Following in the footsteps of “Backpackers” and “Significant Mother,” Yulin Kuang’s “I Ship It” was developed for digital platform CW Seed but, come August 19 after two seasons of streaming, will receive a linear run on the CW network proper.
“We have conversations early on with both the production companies and the creators about, ‘Your show has the potential to go to broadcast,'” Rick Haskins, executive vice president, marketing and digital programs, The CW, tells Variety. “And so what we try to do is set some parameters around it that would allow it to go to broadcast.”
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Some of those parameters are content based, as Haskins shares that “comedies and musicals probably have a better chance than e-sports, because of the nature of those shows.” But they are also cognizant of making them “different enough [to CW shows] that they have their own identity and hopefully bring in their own audience,” he continues.
“We are buying differently. We do have an eye on the shows that are on the CW [and] how is it that we can use the power of our social media of the shows on CW to help launch these new shows?”
But once a show launches on CW Seed, how it performs, not only with streaming numbers but also reactions on social media, becomes essential in determining its chances for migration, in addition to renewal. “If we start seeing really great reactions, it really does say A) we’re happy that people are enjoying it, but B) we’re wondering if there is an opportunity to expand it to broadcast as well,” Haskins says.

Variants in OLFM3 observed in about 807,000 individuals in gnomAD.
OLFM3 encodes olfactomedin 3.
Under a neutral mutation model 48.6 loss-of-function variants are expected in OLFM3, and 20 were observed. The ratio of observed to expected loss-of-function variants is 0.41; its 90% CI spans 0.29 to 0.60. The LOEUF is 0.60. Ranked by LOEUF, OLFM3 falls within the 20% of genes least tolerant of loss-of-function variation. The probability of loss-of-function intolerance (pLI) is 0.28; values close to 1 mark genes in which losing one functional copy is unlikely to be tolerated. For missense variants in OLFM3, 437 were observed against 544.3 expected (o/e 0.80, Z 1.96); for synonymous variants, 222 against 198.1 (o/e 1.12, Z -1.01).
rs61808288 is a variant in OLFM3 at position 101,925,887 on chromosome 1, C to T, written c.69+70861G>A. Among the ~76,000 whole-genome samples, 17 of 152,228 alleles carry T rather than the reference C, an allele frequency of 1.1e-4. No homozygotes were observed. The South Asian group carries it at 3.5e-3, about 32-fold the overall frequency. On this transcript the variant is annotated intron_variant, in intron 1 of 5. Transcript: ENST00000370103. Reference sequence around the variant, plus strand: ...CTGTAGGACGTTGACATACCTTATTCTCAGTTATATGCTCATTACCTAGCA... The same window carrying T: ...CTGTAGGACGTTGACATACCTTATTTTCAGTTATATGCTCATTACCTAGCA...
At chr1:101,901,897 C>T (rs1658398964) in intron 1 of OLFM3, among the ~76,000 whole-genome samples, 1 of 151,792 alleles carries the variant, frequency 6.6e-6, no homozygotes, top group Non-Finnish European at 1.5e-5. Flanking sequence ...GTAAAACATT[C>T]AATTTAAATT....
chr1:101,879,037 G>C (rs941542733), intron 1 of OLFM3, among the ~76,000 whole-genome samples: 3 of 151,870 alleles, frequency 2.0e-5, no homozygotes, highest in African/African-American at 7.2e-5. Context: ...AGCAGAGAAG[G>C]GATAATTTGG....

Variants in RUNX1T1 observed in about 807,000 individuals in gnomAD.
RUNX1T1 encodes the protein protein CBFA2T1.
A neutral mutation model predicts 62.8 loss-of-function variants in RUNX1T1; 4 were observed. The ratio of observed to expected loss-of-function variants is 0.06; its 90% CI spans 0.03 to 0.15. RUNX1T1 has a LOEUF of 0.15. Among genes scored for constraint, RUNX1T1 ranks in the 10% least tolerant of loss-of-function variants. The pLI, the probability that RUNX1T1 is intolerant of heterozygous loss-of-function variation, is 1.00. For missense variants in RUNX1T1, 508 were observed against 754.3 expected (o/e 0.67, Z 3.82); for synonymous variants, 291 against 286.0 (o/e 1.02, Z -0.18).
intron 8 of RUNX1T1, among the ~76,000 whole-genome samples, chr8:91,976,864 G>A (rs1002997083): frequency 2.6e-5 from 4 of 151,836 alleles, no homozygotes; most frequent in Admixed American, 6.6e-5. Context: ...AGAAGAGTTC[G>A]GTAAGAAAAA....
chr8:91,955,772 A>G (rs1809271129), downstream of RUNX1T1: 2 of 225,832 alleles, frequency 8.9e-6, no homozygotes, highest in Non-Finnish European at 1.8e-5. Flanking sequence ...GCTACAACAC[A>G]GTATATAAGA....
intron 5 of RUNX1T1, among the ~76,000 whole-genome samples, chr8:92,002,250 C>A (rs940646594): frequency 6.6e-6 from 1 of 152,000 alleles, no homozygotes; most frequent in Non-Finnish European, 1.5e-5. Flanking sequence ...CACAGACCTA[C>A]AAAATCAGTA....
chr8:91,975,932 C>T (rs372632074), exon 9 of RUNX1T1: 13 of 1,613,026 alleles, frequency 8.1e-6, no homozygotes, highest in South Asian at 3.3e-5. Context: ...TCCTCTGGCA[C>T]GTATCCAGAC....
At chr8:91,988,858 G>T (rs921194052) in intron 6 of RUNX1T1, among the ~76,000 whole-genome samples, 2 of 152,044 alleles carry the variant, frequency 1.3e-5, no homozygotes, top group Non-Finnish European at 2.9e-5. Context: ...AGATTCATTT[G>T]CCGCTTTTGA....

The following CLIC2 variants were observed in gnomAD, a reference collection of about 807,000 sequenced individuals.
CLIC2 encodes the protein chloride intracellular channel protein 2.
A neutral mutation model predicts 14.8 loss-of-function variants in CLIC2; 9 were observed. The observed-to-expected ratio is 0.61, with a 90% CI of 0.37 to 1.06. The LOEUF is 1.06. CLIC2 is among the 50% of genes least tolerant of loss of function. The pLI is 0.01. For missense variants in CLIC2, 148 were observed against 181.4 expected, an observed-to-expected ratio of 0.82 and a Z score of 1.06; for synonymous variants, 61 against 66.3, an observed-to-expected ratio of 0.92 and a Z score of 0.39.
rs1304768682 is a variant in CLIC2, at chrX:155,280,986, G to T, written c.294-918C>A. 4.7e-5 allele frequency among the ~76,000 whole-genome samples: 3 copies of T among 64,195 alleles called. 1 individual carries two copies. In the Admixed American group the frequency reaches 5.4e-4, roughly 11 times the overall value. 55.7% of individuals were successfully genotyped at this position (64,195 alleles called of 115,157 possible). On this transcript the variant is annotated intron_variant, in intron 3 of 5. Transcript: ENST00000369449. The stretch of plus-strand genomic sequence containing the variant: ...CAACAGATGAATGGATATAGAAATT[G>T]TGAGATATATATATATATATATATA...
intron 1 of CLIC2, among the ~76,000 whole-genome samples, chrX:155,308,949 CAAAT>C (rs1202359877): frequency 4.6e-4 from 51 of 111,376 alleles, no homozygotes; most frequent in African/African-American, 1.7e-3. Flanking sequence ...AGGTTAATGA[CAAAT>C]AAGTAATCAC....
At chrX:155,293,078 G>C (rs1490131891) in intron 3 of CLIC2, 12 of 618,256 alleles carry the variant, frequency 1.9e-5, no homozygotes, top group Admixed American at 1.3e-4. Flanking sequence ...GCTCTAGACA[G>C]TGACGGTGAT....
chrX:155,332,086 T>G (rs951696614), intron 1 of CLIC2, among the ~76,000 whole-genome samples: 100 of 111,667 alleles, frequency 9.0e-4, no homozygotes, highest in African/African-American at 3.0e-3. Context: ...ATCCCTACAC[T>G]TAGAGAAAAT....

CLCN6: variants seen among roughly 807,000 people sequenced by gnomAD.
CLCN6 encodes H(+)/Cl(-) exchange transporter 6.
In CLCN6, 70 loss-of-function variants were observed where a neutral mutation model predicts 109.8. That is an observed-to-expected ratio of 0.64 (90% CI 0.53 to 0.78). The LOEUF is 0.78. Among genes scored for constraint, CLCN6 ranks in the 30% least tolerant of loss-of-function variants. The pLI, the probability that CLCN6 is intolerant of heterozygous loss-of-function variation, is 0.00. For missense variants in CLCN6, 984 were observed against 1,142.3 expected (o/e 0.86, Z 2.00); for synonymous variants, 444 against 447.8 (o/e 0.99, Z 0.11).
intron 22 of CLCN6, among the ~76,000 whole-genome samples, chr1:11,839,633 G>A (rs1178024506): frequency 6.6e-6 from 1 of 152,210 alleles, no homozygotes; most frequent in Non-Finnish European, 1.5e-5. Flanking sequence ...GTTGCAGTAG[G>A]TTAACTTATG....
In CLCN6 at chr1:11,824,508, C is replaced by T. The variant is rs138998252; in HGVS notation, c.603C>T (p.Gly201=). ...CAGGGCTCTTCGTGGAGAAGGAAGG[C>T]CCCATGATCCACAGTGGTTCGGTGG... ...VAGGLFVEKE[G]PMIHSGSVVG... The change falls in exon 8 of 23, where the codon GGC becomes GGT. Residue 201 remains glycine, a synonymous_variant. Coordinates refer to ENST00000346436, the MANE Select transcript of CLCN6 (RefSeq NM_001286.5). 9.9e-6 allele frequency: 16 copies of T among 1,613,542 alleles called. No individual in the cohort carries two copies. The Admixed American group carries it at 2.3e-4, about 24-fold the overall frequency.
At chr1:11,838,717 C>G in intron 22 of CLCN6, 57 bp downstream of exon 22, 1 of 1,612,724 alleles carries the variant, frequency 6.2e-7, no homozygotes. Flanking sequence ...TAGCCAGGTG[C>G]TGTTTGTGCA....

In the case of “I Ship It,” which is centered on a fangirl (Ella, played by Helen Highfield), there are creative elements that should make it attractive to some of the CW’s series’ audiences.
As Haskins points out, the shipping element is something “all of our shows are doing constantly, whether it be ‘Arrow’ or ‘Riverdale,’ so it is familiar to our people.” And because the show also incorporates musical elements, there may be a “halo effect” from the “Crazy Ex-Girlfriend” audience “that we can take advantage of. We know of our current social media what resonated with that audience, so what we can do is still reach out to those audiences and say, ‘If you love ‘Crazy Ex,’ you’re going to love this as well,'” Haskins explains.
“I Ship It” first started as a short film, to which Kuang felt creatively tied for the first season of the digital series. That season followed Ella as she was obsessed with nerd rock and started a band. But Kuang she got the call that CW Seed wanted a second season, she said, “Yes, I would love to, but can we do it all over again?” Kuang recalls.
“In every iteration of it, it’s a fangirl story [but] I’m not a musician — it’s the great tragedy of my life that I have no musical talent. I didn’t know that world as well,” she continues. Instead, she wanted to draw on her own experiences of starting as a fan fiction writer to “provide a roadmap for my former self of how you go from being a fangirl to being a creator in your own right.”
Therefore, the second season opens on Ella writing fan fiction for her favorite television show, only to see her get a job on that show soon enough. The journey was not ripped from Kuang’s own life (she started as a NBC Page and made videos on the side), but she wanted to marry elements of the kind of personality one needs to have to succeed in this business with a bit of a heightened storyline.